Ship it! At the end of the day, you need somewhere to call home, and it your customers are always welcome. Welcome home.
It would be great if we didn't judge a book by it's cover, or hold grudges for bad experiences. Building a beautiful site that exceeds your customer segment's expectations is necessary to avoid being seen as old and outdated.
Crafting the flow, the information architecture, and the customer journey will allow you to build a site where the user has an incredible experience. While they may hold a grudge about the annoyance of your competitor, their digital experience with you will be delightful.
At the Art Institute, I was able to contribute to the success of our online & distance users, the student facing portal, sunset & roll-out our campus wide Learning Management System, as well as lead our retention efforts.
The generative UX research & journey mapping I initiated helped in guiding retention initiatives. Tracking our QoQ as well as YoY metrics, in addition to leading ideation & design sprints increased both our registration as well as retention rates.
"[Brady has an] incredible ability to break down even the most complex problems to their core issues, and then find a smart, simple and elegant solution. Our project-oriented department is often stressful, with high pressure from multiple stakeholders, but Mr. Haynes has thrived in this environment . . . he spends time understanding [user] needs and advocating for their success. He has had a tremendous impact on increasing our retention rates."
Dr. Benjamin Valdez | VP Art Institute
I currently work as a UX product designer at DaVita. We are building a new platform for our Physicians to complete their workflows in our new app while rounding with their patients. In addition to pulling together front end tech leads for foundational design system work, I helped enhance our UX process and mentored new designers as we doubled our team size.
My interactions within a cross functional department have allowed me to expand my empathy and respect for the various roles that contribute to product success. My work includes evolution of our design system, communicating design decisions to engineering and business leaders, working with research to validate ideas and solutions, and balancing needs between product, tech, business, and users.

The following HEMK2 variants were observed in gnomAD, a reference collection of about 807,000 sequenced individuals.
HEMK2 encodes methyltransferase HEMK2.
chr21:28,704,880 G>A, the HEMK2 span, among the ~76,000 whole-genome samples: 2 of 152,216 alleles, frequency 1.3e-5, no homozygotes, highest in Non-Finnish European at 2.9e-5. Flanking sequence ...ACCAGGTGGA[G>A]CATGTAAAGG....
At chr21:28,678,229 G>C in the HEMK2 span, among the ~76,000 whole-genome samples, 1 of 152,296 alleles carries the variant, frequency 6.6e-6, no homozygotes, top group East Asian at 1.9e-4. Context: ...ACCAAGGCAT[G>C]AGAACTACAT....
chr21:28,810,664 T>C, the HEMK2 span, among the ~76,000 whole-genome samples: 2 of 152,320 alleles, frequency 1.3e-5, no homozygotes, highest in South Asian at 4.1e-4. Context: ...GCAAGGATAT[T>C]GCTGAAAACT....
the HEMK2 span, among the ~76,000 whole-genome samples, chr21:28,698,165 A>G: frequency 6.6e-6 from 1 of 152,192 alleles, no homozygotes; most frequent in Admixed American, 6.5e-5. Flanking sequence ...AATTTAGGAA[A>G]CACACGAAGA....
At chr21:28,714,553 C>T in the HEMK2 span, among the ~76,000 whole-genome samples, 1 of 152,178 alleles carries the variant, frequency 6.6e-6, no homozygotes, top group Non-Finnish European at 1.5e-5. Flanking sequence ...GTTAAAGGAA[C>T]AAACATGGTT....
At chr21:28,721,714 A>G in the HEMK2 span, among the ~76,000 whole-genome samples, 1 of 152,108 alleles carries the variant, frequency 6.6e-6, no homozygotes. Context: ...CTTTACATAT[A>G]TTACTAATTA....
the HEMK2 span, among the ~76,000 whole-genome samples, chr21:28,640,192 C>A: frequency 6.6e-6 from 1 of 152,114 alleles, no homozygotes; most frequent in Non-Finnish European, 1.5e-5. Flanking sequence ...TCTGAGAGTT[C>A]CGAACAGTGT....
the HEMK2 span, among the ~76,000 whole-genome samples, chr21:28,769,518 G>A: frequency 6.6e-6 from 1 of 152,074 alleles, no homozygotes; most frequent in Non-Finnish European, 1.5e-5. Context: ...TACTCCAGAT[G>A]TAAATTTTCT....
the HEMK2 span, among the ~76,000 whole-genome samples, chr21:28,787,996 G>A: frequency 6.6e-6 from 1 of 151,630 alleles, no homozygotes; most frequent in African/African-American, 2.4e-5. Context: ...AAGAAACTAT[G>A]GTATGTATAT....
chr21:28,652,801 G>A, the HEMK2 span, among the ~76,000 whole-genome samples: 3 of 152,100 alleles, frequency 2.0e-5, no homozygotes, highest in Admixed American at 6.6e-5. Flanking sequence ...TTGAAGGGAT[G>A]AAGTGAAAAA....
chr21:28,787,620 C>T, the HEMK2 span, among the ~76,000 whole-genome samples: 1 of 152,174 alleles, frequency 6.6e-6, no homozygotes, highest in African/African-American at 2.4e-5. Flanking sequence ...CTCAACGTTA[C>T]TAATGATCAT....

I love collaboration and resonance as we solve a problem together on a digital whiteboard. I also love the clarity of language that seems to come with asynchronous communication.
Problem definition, strategy, and solutioning seem to run in my veins, which ties in nicely with a creative mentality. I excel in environments that allow for a strong balance between creativity and logic.
What does success look like and how can we measure that? Research is the building block upon a quality product. Without research, there is no strong starting point.
My experience with research spans from low fidelity prototypes to pixel perfect mockups, as well as strong collaboration with UX researchers and Product Managers & Owners.
Understanding the past research and contextualizing the defined problem allow for ideation. Doing so with the Tech Lead as well as the Product Manager helps maintain a thoroughness of solutions within the process.
I have found that pulling in Tech Lead, PM, & Researcher into the ideation phase to collaboratively arrive at the solution not only creates the best and most realistic solve, but also greatly reduces churn.
Once we have moved successfully through the first diamond of divergence in design thinking, I bring together a refined version of the design for user testing or hand off to engineering.
A part of the refinement process further evolves our design patterns across the app, and may entail component creation or design system updates.
Delivery may take multiple paths. Regardless of which one, it's still pretty exciting. The cross functional collaboration across the project is ready to be realized.
This could be the launch and handoff of a refreshed website for marketing or to a business owner; it could be a prototype used for testing, or the final designs and specs that are handed off to get developed.
How will we know if the feature of the project is successful? We set out to solve a problem, and we will know if we addressed that need only if we first start with a baseline of where we are now, and clear KPI's of where we want to be.
From a business perspective, did this increase revenue or reduce costs? Do we have a structure in place to capture analytics? Did we increase success rate, reduce clicks, reduce time on task, or increase task completion or retention?